Saturday July 14, 2012
One of the best ways to stamp your new home with your personality is to put color on the walls. You can hire pros to do the job, but painting is one thing new homeowners can do well if they’re careful and take their time.
Here are some quick tips from our professional painters on doing a job that will do you and your home proud.
PAINT AND EQUIPMENT
The Savannah Master Bedroom
Interior: For bedrooms and living areas, most people choose a high-quality latex paint (water-based) in a flat or eggshell sheen. For doors and windows, woodwork, kitchens and bathrooms, the preferred choice is semi-gloss.
Exterior: Use an exterior paint that’s designed to withstand severe weather. Most pros recommend a satin sheen, which provides the best combination of durability and attractiveness.
Brushes and Rollers: For latex paint, use nylon brushes. For oil-based materials, such as varnish, use natural bristle brushes. It’s a good idea to have at least two sizes: a straight brush 2 or 3 inches wide and an angled brush 1 or 1½ inches wide for trim. When choosing roller sleeves, the “nap” (or thickness of the sleeve) you should use depends on the surface texture: the rougher the wall, the higher the nap you’ll need. Be sure to buy extras if you have more than a day’s work to finish, or learn how the pros wrap their rollers for overnight breaks.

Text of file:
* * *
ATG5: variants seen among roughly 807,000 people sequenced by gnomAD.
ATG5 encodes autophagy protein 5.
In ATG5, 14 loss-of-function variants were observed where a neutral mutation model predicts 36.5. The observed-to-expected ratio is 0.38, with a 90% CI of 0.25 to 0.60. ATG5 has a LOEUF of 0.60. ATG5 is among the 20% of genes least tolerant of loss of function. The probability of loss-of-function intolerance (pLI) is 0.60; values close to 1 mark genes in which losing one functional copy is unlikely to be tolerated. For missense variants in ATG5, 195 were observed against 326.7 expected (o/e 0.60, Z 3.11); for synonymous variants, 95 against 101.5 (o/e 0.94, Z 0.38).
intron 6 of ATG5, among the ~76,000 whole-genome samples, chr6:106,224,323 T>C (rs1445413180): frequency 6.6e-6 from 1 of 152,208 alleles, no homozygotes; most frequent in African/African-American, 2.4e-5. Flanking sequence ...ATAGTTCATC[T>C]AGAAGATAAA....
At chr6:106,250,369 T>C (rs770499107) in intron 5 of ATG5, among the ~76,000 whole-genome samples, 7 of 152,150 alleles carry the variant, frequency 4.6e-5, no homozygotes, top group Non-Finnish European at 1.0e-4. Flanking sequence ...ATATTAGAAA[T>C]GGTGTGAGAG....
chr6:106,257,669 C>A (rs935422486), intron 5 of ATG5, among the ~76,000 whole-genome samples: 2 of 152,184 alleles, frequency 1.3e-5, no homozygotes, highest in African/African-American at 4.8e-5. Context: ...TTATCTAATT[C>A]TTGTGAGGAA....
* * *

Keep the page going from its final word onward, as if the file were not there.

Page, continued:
The Madison Dining Room
Interior: Make sure the walls are clean and free of cobwebs and dust. If necessary, spot-wash the walls with a damp cloth. Make sure they’re dry before proceeding further. Although you have a new home, you may have lived in it a little bit, so you need to patch any holes or cracks with spackle. It’s also a good time to check the caulk around the woodwork, door and window frames.
Exterior: Your Lamar Smith Signature Home is mostly maintenance free on the exterior, but when you do have painting to do on trim or doors, scrape loose paint, sand if necessary, and prime any bare wood. Repair any caulk that has separated or cracked.
Interior: If you’re painting the ceiling – which is often unnecessary – do it first. Brush around the edges and around light and fan fixtures. If you’re painting the ceiling and walls the same color, you can brush a few inches down the wall at the same time. Next you’ll roll the ceiling.
Repeat the process with the walls; first brush any areas you can’t reach with the roller, including the ceiling line (if a different color than the ceiling), corners and baseboard, and follow up with the roller. To paint the woodwork, use your angled brush. Many people put a strip of painter’s tape or masking tape under the baseboard to protect the carpet and make the painting go faster.
Exterior: For any larger exterior space, you may want to rent or buy a sprayer. Your other option is to brush and roll, which most pros say gives you better coverage.